"Psst, Flicka, the hay's in that bucket!"
Though talking horses like Mr. Ed may be pure fiction, horse communication is real, new research suggests.
Horses communicate to their buddies with a cocked head, perked ears and a side-eye gaze, according to a study that was published yesterday (Aug. 4) in the journal Current Biology. The study is one of the first to investigate in-depth how these social animals communicate.
"Our study is the first to examine a potential cue to attention that humans do not have: the ears," study co-author Jennifer Wathan, a psychologist at the University of Sussex in England, said in a statement.
Plenty of nonhuman animals have revealed their interesting communication skills to curious scientists. Dolphins converse via an elaborate system of clicks and whistles, have signature whistles that act like names, and can remember old friends' "names" decades after first encountering them. Many great apes communicate by gaze, body language, vocalizations and even scent. Ravens gesticulate with their beaks and wings. And elephants gesture with their tusks. [The 5 Smartest Non-Primates on the Planet]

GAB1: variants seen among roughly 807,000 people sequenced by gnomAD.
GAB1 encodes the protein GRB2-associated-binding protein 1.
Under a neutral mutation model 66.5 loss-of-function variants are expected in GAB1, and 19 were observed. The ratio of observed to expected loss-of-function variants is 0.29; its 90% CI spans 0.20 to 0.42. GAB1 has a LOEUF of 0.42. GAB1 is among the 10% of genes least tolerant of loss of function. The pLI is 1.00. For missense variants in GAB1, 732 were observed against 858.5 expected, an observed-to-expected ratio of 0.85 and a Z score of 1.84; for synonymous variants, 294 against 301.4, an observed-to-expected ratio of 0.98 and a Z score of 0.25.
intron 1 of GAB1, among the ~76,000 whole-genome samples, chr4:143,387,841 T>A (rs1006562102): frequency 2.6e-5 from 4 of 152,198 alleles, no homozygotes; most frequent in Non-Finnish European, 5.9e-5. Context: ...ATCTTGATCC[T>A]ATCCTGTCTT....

Most studies in animals, however, assumed the creatures communicate like humans via body language and gaze. Researchers also assumed that animals with eyes on the sides of their heads, such as horses, didn't use gaze to communicate.
But horses are social animals that constantly need to communicate with each other, whether to alert group mates to the presence of a predator or to share news of a tasty food source.
To understand how horses communicate, Wathan and her colleagues took photos of horses when the animals were paying attention to something. In some of the photos, the horses were given masks that obscured their eyes or ears. Other photos left the creatures' eyes and ears exposed.
Next, the team placed the photos such that the images were "looking" at one of two buckets of food, then brought in real horses.
When the photographed horse's entire face was visible, the real horse usually went straight to the food bucket the horse replica was looking at. The horses seemed to use head orientation to guide their decisions.
But if the horse in the photo had masked eyes or ears, the real horses went to either bucket an equal number of times, suggesting the animals couldn't interpret much information from the photos.
"We found that in horses, their ear position was also a crucial visual signal that other horses respond to," Wathan said in a statement. "In fact, horses need to see the detailed facial features of both eyes and ears before they use another horse's head direction to guide them."
The findings suggest that horses use the eyes and the ears to communicate. In addition, the new research shows that even animals with eyes on the sides of their heads can communicate via gaze.